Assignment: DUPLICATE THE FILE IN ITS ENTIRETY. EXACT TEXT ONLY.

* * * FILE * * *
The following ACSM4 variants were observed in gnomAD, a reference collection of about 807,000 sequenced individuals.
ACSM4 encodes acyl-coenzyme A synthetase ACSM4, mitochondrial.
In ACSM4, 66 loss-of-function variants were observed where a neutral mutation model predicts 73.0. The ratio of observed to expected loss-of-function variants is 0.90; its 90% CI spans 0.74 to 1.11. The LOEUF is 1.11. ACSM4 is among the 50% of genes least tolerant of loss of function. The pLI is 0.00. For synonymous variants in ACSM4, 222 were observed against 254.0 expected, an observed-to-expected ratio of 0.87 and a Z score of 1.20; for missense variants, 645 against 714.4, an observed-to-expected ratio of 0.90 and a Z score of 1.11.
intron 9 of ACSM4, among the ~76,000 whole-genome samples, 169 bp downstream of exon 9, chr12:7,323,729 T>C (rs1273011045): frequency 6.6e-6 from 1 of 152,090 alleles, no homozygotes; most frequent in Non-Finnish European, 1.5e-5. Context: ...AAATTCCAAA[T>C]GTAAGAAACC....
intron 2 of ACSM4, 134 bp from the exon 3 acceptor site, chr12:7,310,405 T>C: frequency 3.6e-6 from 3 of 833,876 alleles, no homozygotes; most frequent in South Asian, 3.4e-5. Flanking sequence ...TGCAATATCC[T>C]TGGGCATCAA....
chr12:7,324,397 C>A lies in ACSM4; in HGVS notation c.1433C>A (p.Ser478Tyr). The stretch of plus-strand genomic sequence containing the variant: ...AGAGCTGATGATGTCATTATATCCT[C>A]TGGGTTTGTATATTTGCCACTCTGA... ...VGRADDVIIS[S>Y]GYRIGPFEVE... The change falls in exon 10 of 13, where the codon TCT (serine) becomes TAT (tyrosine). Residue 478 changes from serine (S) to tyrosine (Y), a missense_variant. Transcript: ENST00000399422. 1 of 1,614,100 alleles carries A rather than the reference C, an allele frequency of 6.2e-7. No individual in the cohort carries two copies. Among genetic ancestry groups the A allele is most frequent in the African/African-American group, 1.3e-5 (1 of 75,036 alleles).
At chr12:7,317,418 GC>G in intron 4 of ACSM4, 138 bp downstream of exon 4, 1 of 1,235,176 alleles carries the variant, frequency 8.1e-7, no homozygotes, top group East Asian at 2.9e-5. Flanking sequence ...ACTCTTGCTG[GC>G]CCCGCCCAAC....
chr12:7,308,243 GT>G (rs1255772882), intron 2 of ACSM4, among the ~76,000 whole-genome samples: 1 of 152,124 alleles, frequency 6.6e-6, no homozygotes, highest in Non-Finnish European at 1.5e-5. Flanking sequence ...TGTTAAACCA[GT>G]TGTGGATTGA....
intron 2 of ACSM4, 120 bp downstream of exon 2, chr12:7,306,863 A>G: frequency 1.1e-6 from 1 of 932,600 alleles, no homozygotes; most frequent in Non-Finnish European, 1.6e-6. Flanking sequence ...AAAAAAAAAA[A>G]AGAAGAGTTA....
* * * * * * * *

The following ACSM4 variants were observed in gnomAD, a reference collection of about 807,000 sequenced individuals.
ACSM4 encodes acyl-coenzyme A synthetase ACSM4, mitochondrial.
In ACSM4, 66 loss-of-function variants were observed where a neutral mutation model predicts 73.0. The ratio of observed to expected loss-of-function variants is 0.90; its 90% CI spans 0.74 to 1.11. The LOEUF is 1.11. ACSM4 is among the 50% of genes least tolerant of loss of function. The pLI is 0.00. For synonymous variants in ACSM4, 222 were observed against 254.0 expected, an observed-to-expected ratio of 0.87 and a Z score of 1.20; for missense variants, 645 against 714.4, an observed-to-expected ratio of 0.90 and a Z score of 1.11.
intron 9 of ACSM4, among the ~76,000 whole-genome samples, 169 bp downstream of exon 9, chr12:7,323,729 T>C (rs1273011045): frequency 6.6e-6 from 1 of 152,090 alleles, no homozygotes; most frequent in Non-Finnish European, 1.5e-5. Context: ...AAATTCCAAA[T>C]GTAAGAAACC....
intron 2 of ACSM4, 134 bp from the exon 3 acceptor site, chr12:7,310,405 T>C: frequency 3.6e-6 from 3 of 833,876 alleles, no homozygotes; most frequent in South Asian, 3.4e-5. Flanking sequence ...TGCAATATCC[T>C]TGGGCATCAA....
chr12:7,324,397 C>A lies in ACSM4; in HGVS notation c.1433C>A (p.Ser478Tyr). The stretch of plus-strand genomic sequence containing the variant: ...AGAGCTGATGATGTCATTATATCCT[C>A]TGGGTTTGTATATTTGCCACTCTGA... ...VGRADDVIIS[S>Y]GYRIGPFEVE... The change falls in exon 10 of 13, where the codon TCT (serine) becomes TAT (tyrosine). Residue 478 changes from serine (S) to tyrosine (Y), a missense_variant. Transcript: ENST00000399422. 1 of 1,614,100 alleles carries A rather than the reference C, an allele frequency of 6.2e-7. No individual in the cohort carries two copies. Among genetic ancestry groups the A allele is most frequent in the African/African-American group, 1.3e-5 (1 of 75,036 alleles).
At chr12:7,317,418 GC>G in intron 4 of ACSM4, 138 bp downstream of exon 4, 1 of 1,235,176 alleles carries the variant, frequency 8.1e-7, no homozygotes, top group East Asian at 2.9e-5. Flanking sequence ...ACTCTTGCTG[GC>G]CCCGCCCAAC....
chr12:7,308,243 GT>G (rs1255772882), intron 2 of ACSM4, among the ~76,000 whole-genome samples: 1 of 152,124 alleles, frequency 6.6e-6, no homozygotes, highest in Non-Finnish European at 1.5e-5. Flanking sequence ...TGTTAAACCA[GT>G]TGTGGATTGA....
intron 2 of ACSM4, 120 bp downstream of exon 2, chr12:7,306,863 A>G: frequency 1.1e-6 from 1 of 932,600 alleles, no homozygotes; most frequent in Non-Finnish European, 1.6e-6. Flanking sequence ...AAAAAAAAAA[A>G]AGAAGAGTTA....